Bush war advisors: unfound Iraqi weapons matter little
Fri Jan 9, 4:20 PM ET
WASHINGTON (AFP) - Two of President George W. Bush's military advisors said that the US inability to find illegal weapons in Iraq means little.
"I don't think that you can draw any conclusion from the fact that the stockpiles were not found," Pentagon advisor Richard Perle said at the American Enterprise Institute.
Perle said he did not fear that the United States would lose credibility after Bush used Iraq's supposed weapons of mass destruction as his principal justification for going to war.
"If others are going to take the view that, because these weapons weren't found, nothing that the United States says can be trusted -- there's not much we can do about that," he said. "It would be a foolish conclusion to draw."
On Thursday, another Washington think-tank, the Carnegie Endowment for International Peace, said in a report that the US "administration officials systematically misrepresented the threat from Iraq's WMD and ballistic missile programs."
However, Perle said the war was justified: "I think that what was done was right and prudent."
Perle appeared with Robert Frum, the former Bush speech writer who coined "Axis of Evil." They were two of the hardline members of the administration who argued the need to topple Saddam Hussein.
Perle and Frum's book, "An End to Evil," promotes the so-called neo-conservative use of military force to pacify the world.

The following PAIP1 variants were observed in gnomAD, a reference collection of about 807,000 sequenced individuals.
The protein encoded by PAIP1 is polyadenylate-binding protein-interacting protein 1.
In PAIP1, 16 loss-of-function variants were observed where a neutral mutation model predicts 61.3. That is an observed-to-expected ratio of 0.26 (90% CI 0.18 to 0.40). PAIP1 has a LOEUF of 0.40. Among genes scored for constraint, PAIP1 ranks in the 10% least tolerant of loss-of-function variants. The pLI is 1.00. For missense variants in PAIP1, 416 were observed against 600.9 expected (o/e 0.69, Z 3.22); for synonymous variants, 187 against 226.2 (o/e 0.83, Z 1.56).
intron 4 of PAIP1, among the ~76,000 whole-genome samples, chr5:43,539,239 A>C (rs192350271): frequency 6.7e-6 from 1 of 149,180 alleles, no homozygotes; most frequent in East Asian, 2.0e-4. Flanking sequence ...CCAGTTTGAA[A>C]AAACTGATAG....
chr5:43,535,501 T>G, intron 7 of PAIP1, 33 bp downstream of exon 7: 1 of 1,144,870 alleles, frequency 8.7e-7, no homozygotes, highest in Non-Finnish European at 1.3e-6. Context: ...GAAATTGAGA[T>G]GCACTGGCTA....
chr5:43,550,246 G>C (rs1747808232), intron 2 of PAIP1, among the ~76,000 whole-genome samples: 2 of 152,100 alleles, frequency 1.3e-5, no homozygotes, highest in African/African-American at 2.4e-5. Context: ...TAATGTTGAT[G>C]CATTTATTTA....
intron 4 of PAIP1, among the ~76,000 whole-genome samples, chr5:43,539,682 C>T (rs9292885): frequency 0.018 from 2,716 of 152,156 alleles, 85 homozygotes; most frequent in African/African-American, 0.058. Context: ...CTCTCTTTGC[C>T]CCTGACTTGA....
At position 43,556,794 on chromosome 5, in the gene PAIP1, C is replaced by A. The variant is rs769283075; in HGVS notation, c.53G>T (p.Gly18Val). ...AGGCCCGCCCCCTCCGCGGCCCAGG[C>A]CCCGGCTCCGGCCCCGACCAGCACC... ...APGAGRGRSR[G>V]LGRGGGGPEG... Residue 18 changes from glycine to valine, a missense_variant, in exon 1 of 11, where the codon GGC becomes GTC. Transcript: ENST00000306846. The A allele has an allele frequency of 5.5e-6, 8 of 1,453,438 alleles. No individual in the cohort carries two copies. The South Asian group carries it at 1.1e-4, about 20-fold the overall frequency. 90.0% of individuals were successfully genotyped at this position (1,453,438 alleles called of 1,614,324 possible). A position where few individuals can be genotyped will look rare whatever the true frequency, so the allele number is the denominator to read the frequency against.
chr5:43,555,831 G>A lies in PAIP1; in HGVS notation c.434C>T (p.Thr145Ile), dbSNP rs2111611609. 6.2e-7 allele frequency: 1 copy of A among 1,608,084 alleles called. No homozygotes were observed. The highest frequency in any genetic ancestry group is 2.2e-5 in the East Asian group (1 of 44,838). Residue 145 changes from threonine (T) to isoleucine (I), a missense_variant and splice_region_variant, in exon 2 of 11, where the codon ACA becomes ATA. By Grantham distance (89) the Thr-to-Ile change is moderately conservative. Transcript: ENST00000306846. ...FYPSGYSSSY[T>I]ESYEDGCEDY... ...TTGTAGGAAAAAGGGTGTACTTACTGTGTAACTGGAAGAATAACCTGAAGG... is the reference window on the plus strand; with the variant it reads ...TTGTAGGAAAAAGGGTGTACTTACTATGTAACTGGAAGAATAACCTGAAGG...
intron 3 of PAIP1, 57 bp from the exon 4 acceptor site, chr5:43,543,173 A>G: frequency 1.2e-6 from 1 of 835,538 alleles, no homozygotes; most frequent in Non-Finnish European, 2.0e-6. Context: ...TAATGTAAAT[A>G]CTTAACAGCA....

They take aim at Saudi Arabia, US politicians, journalists and France -- all of whom they said stand in the way of Bush's "War on Terror."
"What troubles us is a pretty persistent French policy of trying to weaken and marginalize the United States within Europe," Perle said.
"All we ask from France is that, in the construction of Europe, Europe think of itself as a partner with the United States in the protection of Western civilization. That's not a lot to ask."
"I think France runs the very great risk of becoming isolated."
Frum, who left the White House in 2003, was as unswerving as Bush himself.
"Sometimes the right answer, when a person has a grievance against you, is to say: 'You're completely mistaken; that grievance comes out of a completely wrong way of looking at the world and you're just going to have to get over it'," Frum said.
"We're not going to change."